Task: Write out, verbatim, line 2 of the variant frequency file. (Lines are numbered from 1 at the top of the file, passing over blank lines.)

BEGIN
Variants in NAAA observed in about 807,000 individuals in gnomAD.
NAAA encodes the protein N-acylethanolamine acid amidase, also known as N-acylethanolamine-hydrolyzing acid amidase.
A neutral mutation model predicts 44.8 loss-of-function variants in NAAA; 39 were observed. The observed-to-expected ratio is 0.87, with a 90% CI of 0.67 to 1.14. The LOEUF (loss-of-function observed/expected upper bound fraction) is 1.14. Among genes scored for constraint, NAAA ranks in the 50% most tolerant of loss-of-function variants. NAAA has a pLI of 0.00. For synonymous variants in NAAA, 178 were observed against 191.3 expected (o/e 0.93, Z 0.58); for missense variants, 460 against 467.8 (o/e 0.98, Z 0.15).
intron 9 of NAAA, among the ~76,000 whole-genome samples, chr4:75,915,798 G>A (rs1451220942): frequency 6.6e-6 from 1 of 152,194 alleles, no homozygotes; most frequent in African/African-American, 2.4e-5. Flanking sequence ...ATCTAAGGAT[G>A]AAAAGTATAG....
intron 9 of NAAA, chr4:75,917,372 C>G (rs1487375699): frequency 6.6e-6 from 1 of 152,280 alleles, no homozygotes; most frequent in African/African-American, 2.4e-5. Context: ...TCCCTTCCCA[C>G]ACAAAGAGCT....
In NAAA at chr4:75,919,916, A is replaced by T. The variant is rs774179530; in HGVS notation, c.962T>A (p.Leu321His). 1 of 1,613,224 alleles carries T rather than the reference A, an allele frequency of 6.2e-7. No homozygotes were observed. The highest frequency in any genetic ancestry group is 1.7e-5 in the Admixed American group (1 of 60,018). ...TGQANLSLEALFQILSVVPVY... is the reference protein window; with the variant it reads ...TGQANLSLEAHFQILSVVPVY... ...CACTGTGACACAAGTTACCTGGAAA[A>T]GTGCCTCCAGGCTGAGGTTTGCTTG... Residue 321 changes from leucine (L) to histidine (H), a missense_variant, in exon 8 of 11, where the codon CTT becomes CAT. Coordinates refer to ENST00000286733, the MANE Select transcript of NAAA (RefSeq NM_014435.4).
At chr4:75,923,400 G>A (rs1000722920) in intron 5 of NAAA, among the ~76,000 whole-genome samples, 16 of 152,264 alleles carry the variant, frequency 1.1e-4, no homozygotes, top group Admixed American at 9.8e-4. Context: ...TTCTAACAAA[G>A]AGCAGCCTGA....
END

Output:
NAAA encodes the protein N-acylethanolamine acid amidase, also known as N-acylethanolamine-hydrolyzing acid amidase.